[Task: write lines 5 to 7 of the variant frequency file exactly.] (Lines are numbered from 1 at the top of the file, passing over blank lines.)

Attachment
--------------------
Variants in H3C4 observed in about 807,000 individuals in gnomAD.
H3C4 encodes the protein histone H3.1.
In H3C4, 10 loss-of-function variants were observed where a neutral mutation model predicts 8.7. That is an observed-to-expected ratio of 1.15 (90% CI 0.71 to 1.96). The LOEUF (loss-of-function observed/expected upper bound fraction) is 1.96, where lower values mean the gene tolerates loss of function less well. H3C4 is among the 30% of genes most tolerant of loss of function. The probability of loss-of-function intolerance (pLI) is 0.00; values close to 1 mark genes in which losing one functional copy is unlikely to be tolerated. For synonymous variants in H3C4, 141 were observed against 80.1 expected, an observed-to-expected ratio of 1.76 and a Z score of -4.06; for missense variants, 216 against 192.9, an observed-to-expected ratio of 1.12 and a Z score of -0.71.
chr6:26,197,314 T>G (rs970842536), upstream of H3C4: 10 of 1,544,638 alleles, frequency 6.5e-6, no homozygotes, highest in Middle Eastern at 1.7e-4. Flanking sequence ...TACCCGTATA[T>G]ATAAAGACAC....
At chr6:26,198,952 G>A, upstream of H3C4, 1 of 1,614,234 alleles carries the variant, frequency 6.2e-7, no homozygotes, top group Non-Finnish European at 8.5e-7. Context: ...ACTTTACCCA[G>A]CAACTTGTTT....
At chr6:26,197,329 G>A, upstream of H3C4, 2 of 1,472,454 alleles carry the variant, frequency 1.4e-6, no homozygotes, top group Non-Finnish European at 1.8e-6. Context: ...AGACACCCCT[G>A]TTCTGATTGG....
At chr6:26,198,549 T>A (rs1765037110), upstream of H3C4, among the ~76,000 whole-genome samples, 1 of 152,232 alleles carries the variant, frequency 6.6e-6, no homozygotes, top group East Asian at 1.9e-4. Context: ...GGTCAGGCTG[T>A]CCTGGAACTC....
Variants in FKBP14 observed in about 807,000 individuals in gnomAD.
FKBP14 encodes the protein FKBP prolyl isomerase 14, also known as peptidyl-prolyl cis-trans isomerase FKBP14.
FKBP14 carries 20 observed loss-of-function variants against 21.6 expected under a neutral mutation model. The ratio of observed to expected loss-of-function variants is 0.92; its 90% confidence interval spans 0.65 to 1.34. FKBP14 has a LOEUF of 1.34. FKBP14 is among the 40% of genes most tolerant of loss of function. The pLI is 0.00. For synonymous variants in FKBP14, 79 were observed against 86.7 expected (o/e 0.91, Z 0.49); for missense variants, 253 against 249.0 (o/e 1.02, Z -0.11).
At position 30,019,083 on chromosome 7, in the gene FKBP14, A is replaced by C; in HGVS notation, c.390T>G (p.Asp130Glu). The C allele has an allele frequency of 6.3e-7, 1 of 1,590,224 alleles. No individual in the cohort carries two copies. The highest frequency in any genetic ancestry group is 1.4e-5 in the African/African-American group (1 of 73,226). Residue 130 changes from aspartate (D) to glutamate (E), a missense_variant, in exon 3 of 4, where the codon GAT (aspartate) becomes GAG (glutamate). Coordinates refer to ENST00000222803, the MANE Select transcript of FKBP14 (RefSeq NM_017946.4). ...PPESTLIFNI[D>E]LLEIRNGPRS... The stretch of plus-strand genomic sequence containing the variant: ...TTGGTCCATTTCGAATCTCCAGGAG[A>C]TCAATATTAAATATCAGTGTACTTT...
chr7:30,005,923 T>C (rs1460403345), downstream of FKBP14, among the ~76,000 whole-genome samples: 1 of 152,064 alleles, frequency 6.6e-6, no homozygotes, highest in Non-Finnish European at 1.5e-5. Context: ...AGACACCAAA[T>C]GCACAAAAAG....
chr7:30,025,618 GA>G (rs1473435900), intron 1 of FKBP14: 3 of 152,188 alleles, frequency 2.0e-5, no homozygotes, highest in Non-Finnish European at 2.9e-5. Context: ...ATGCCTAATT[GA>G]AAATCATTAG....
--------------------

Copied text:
At chr6:26,198,952 G>A, upstream of H3C4, 1 of 1,614,234 alleles carries the variant, frequency 6.2e-7, no homozygotes, top group Non-Finnish European at 8.5e-7. Context: ...ACTTTACCCA[G>A]CAACTTGTTT....
At chr6:26,197,329 G>A, upstream of H3C4, 2 of 1,472,454 alleles carry the variant, frequency 1.4e-6, no homozygotes, top group Non-Finnish European at 1.8e-6. Context: ...AGACACCCCT[G>A]TTCTGATTGG....
At chr6:26,198,549 T>A (rs1765037110), upstream of H3C4, among the ~76,000 whole-genome samples, 1 of 152,232 alleles carries the variant, frequency 6.6e-6, no homozygotes, top group East Asian at 1.9e-4. Context: ...GGTCAGGCTG[T>A]CCTGGAACTC....